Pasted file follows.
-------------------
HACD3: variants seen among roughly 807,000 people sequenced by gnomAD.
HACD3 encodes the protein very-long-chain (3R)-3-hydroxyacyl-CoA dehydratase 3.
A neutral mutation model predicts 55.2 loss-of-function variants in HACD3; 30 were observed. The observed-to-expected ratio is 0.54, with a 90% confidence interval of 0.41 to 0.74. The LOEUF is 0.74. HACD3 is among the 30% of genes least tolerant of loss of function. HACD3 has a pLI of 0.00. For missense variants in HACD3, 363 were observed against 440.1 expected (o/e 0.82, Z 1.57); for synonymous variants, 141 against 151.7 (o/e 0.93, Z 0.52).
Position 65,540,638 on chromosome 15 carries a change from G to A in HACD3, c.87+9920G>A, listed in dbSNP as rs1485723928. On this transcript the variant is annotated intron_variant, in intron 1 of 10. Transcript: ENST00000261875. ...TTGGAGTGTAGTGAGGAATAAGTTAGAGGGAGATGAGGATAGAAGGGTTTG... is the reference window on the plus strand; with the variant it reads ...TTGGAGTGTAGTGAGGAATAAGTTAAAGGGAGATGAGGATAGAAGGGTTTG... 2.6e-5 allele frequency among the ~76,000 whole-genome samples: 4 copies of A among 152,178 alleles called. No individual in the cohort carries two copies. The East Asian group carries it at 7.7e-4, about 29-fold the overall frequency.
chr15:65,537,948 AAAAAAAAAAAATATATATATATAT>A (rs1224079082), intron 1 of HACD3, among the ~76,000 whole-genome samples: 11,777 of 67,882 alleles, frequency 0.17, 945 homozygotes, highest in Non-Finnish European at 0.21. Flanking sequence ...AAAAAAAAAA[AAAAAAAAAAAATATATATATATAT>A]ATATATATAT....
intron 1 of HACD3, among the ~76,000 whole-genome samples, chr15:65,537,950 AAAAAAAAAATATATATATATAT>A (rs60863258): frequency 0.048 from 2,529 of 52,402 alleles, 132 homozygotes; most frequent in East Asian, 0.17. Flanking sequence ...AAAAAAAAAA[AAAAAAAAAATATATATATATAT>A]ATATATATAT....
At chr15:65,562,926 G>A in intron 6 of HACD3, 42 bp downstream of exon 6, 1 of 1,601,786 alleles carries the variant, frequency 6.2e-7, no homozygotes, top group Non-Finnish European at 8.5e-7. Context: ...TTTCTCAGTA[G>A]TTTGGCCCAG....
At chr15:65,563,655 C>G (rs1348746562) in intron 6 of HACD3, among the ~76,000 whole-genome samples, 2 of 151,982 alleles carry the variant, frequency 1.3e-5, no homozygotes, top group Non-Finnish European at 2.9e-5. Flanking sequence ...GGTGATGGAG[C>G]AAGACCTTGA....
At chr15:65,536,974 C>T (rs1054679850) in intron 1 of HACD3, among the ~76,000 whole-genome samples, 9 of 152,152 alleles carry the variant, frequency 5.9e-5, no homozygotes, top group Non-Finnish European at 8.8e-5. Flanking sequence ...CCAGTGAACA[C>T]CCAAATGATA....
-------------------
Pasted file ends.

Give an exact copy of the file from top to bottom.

HACD3: variants seen among roughly 807,000 people sequenced by gnomAD.
HACD3 encodes the protein very-long-chain (3R)-3-hydroxyacyl-CoA dehydratase 3.
A neutral mutation model predicts 55.2 loss-of-function variants in HACD3; 30 were observed. The observed-to-expected ratio is 0.54, with a 90% confidence interval of 0.41 to 0.74. The LOEUF is 0.74. HACD3 is among the 30% of genes least tolerant of loss of function. HACD3 has a pLI of 0.00. For missense variants in HACD3, 363 were observed against 440.1 expected (o/e 0.82, Z 1.57); for synonymous variants, 141 against 151.7 (o/e 0.93, Z 0.52).
Position 65,540,638 on chromosome 15 carries a change from G to A in HACD3, c.87+9920G>A, listed in dbSNP as rs1485723928. On this transcript the variant is annotated intron_variant, in intron 1 of 10. Transcript: ENST00000261875. ...TTGGAGTGTAGTGAGGAATAAGTTAGAGGGAGATGAGGATAGAAGGGTTTG... is the reference window on the plus strand; with the variant it reads ...TTGGAGTGTAGTGAGGAATAAGTTAAAGGGAGATGAGGATAGAAGGGTTTG... 2.6e-5 allele frequency among the ~76,000 whole-genome samples: 4 copies of A among 152,178 alleles called. No individual in the cohort carries two copies. The East Asian group carries it at 7.7e-4, about 29-fold the overall frequency.
chr15:65,537,948 AAAAAAAAAAAATATATATATATAT>A (rs1224079082), intron 1 of HACD3, among the ~76,000 whole-genome samples: 11,777 of 67,882 alleles, frequency 0.17, 945 homozygotes, highest in Non-Finnish European at 0.21. Flanking sequence ...AAAAAAAAAA[AAAAAAAAAAAATATATATATATAT>A]ATATATATAT....
intron 1 of HACD3, among the ~76,000 whole-genome samples, chr15:65,537,950 AAAAAAAAAATATATATATATAT>A (rs60863258): frequency 0.048 from 2,529 of 52,402 alleles, 132 homozygotes; most frequent in East Asian, 0.17. Flanking sequence ...AAAAAAAAAA[AAAAAAAAAATATATATATATAT>A]ATATATATAT....
At chr15:65,562,926 G>A in intron 6 of HACD3, 42 bp downstream of exon 6, 1 of 1,601,786 alleles carries the variant, frequency 6.2e-7, no homozygotes, top group Non-Finnish European at 8.5e-7. Context: ...TTTCTCAGTA[G>A]TTTGGCCCAG....
At chr15:65,563,655 C>G (rs1348746562) in intron 6 of HACD3, among the ~76,000 whole-genome samples, 2 of 151,982 alleles carry the variant, frequency 1.3e-5, no homozygotes, top group Non-Finnish European at 2.9e-5. Flanking sequence ...GGTGATGGAG[C>G]AAGACCTTGA....
At chr15:65,536,974 C>T (rs1054679850) in intron 1 of HACD3, among the ~76,000 whole-genome samples, 9 of 152,152 alleles carry the variant, frequency 5.9e-5, no homozygotes, top group Non-Finnish European at 8.8e-5. Flanking sequence ...CCAGTGAACA[C>T]CCAAATGATA....